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Sunday, October 16, 2011

How not to start a startup

Xconomy San Diego offers a provocative post by Joe Chung about how not to start a startup. Below are his five bullet points and my interpretation of each:
  1. Don’t start a company in an ebbing tide. (Find an unmet need rather than one that's being met)
  2. Don’t do something you know 20 other startups are already doing. (Most of these 20 will be losers.)
  3. Don’t think too small. (You’re more likely than not to fail, so if you’re taking a big risk, shoot for a big reward.)
  4. Don’t think too big. (Focus on something close enough in that you can see the path from here to there.)
  5. Don’t build a product without a distribution plan. (When you pick from among multiple ideas, try to target something that has a ready-made channel.)
Of course, read the original posting for the full arguments.

As Chung notes, rules are made to be broken, but these rules will keep you away from common sources of startup failure.

Thursday, September 29, 2011

Entrepreneurship means not having to own everything

We had our first entrepreneur of the academic year speak today at KGI in Claremont. Eric McAfee is a chronic serial tech entrepreneur, having started two biofuels company, a solar company and a software company (among others).

I’ve met a lot of tech entrepreneurs and heard a few Silicon Valley entrepreneurs speak. Even so, I felt he made an important point about leverage and open innovation for startup companies.

For McAfee, the distinction between an entrepreneur and a manager is that an entrepreneur is someone “who allocates resources that they do not currently control,” while the manager allocates resources they control.

To me, this is the flip side of the oft-quoted Teece 1986 formulation. Teece focused on what entrepreneurs should do if they can’t control resources. McAfee’s point is that entrepreneurs often shouldn’t even try — that it’s usually better to buy or license the missing piece of the puzzle.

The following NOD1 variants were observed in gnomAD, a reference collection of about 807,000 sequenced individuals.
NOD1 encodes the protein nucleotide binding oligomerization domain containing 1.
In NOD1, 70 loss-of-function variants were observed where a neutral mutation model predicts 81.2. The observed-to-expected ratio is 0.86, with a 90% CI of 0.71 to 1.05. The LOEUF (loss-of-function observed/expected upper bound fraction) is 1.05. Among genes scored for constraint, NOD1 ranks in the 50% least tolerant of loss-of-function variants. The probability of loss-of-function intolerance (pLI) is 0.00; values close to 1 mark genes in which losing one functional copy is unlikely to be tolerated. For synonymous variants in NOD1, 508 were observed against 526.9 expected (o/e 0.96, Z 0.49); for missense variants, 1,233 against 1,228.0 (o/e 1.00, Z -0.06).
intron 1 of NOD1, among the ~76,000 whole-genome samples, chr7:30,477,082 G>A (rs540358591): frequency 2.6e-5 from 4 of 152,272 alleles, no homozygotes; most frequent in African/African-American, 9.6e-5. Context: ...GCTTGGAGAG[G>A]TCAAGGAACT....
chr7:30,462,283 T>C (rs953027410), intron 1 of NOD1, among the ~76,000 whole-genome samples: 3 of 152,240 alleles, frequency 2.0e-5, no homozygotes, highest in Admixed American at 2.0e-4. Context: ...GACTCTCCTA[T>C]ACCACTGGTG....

He explained two examples from his current biofuels company, Cupertino-based Aemetis. First, to get key bioprocessing technology he bought another company — U. Maryland spinoff Zymetis — rather than develop the technology in-house.

His reasons were completely in consonance with the open innovation paradigm. From a technology standpoint, “most companies are stuck with the not-invented syndrome,” McAfee said. “We’ve got to be the best technology company which sometimes means we have to buy other companies or license technology.”

The other approach is that they’re taking that technology and using it to improve the cost-effectiveness of existing ethanol plants — which are often stuck in a commodity business. So instead of buying and owning those plants, Aemetis partners with the existing owners and shares in the proceeds.

So if in Teece’s world of 25 years ago, the goal was to control as many resources as possible and make do when you cannot, in McAfee’s world, the goal is to control the resources that are important and partner for the rest. I think there are clearly cases when the latter approach is superior — particularly in a fast-moving industry where capital is scarce and the window of opportunity may close.

Thursday, August 11, 2011

IPOs dying again

I got an email from one of my former students this week who works with startup companies trying to IPO:
It's a brutal market out there! … Many companies were looking to go public in late Q3/early Q4, however, the continued demise of the stock market has many folks running from the idea of an IPO.
Her remarks brought home a nasty side-effect of this month’s stock collapse. And sure enough, MarketWatch and USA Today later reported that at least 8 announced IPOs have been deferred due to “current market conditions.”

PWC (as reported by Business Insider) notes that 2011 was shaping up to be a much better year for IPOs than 2010. Now that trend is in doubt.

As I’ve been saying for years, I think entrepreneurs should look at it the other way: the normal exit will be by acquisition, because only during certain rare (and frothy or bubble-y) periods will an IPO be available. Perhaps the IPO window will open again, but (as has been true since the dot-com crash) the opening will only be temporary.

Tuesday, July 26, 2011

When (and whether) to scale?

My friend Tom Eisenmann (@teisenmann) has blogged for his entrepreneurship students on the important question of when (and why) entrepreneurs should ramp up to achieve scale economies. This is an issue that I usually address early when I teach entrepreneurship and also technology strategy.

Of course Tom is a leading scholar of network effects and technological innovation: he knows the material cold. Thus it’s not surprising that his advice is solid — the pros and cons of trying to be a first mover, the benefits of scale, and the obstacles that startups typically face in getting there.

In some ways it’s a more complete explanation than mine would beHe makes the point in a more quantitative way than I have, suggesting that his students are in a program that expects financial analysis throughout the program, not just in a few select classes.

There is only one thing I would add if I were using it in my own course. The posting assumes that the entrepreneur will (or must) scale, and I think it’s a choice that every entrepreneur should consider.